Committing trees-on

I think we can all agree that this looks pretty bloody amazing:


That’s because this week I tackled something I’ve been wanting to explore for years: creating fractal trees. I’ve always been fascinated by fractal graphics, ever since the early days of grinding out the Mandlebrot Set pixel by pixel on a BBC Micro in a dizzying eight colours. And one branch – if you’ll pardon the expression – of fractal graphics is fractal trees. Using a few simple rules, recursively, it’s possible to create startlingly natural-looking vegetation. Once you know that, it’s very hard to look at plants and trees in the real world without noticing how they’re all made out of simple patterns recurring at different scales.

As I say, it’s something I’ve wanted to explore for years, but it’s only recently that I’ve had a platform on which to do so: my game engine. (Which I really should find a cooler name for than “my game engine”.) It turned out to be surprisingly easy to set up. In almost no time at all I had a little C++ class that made wireframe trees by recursively splitting branches into sub-branches, the sort of thing you’ve probably seen before:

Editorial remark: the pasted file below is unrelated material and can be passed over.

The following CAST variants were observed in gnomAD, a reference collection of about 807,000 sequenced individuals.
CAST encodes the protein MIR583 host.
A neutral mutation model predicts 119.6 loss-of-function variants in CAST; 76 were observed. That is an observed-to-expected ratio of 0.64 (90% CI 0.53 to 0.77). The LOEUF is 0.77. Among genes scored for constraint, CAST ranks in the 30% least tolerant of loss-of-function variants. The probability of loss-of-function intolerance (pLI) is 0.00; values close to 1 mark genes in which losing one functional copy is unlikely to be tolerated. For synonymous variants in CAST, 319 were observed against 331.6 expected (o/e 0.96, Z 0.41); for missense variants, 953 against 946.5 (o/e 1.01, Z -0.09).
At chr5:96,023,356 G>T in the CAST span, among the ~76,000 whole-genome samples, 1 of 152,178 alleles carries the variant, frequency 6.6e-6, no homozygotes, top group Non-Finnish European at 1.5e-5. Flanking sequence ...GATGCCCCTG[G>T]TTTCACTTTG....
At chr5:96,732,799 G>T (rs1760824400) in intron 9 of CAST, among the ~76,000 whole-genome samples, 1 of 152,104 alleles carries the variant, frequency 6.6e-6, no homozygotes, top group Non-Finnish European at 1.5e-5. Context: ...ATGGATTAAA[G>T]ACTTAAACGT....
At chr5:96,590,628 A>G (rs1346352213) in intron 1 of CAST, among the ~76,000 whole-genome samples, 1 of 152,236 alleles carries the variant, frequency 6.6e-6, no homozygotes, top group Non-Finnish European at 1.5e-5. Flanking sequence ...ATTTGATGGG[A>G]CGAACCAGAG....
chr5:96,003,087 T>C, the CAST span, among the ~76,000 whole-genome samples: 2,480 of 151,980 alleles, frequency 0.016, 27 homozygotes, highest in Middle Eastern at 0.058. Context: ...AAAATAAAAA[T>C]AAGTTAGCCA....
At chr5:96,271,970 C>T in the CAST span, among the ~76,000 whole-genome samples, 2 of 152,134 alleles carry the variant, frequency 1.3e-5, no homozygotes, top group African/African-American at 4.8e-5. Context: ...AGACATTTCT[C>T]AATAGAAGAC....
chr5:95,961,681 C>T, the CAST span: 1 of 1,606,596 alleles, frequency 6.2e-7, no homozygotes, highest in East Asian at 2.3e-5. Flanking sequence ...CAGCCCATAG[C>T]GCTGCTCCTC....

Screenshot 2017-08-15 16.51.39

Then I added a function for creating solid 3D geometry, and got results like this:

Screenshot 2017-08-16 17.35.40

Finally, I added routines to temper the symmetry with randomisation, and a sample that had previously looked like a piece of broccoli turned into this:

Screenshot 2017-08-18 14.04.48

Isn’t that brilliant? And there are about 50 million more where that came from, because it’s all based on a random number seed. That’s what 740608 looks like, in case you were wondering.

I was so pleased with the result, and it was so near the end of the working week, that I almost left it there. But I just couldn’t resist seeing what would happen if I plugged my trees into the instanced drawing system I’d used to cover my procedural terrain with grass. Amazing scenes, that’s what happened. I’d totally forgotten that left to its own devices, my game engine colours every model differently, according to a simple algorithm for creating harmonic palette sequences. It’s like something out of The Magic Roundabout. Take a look.

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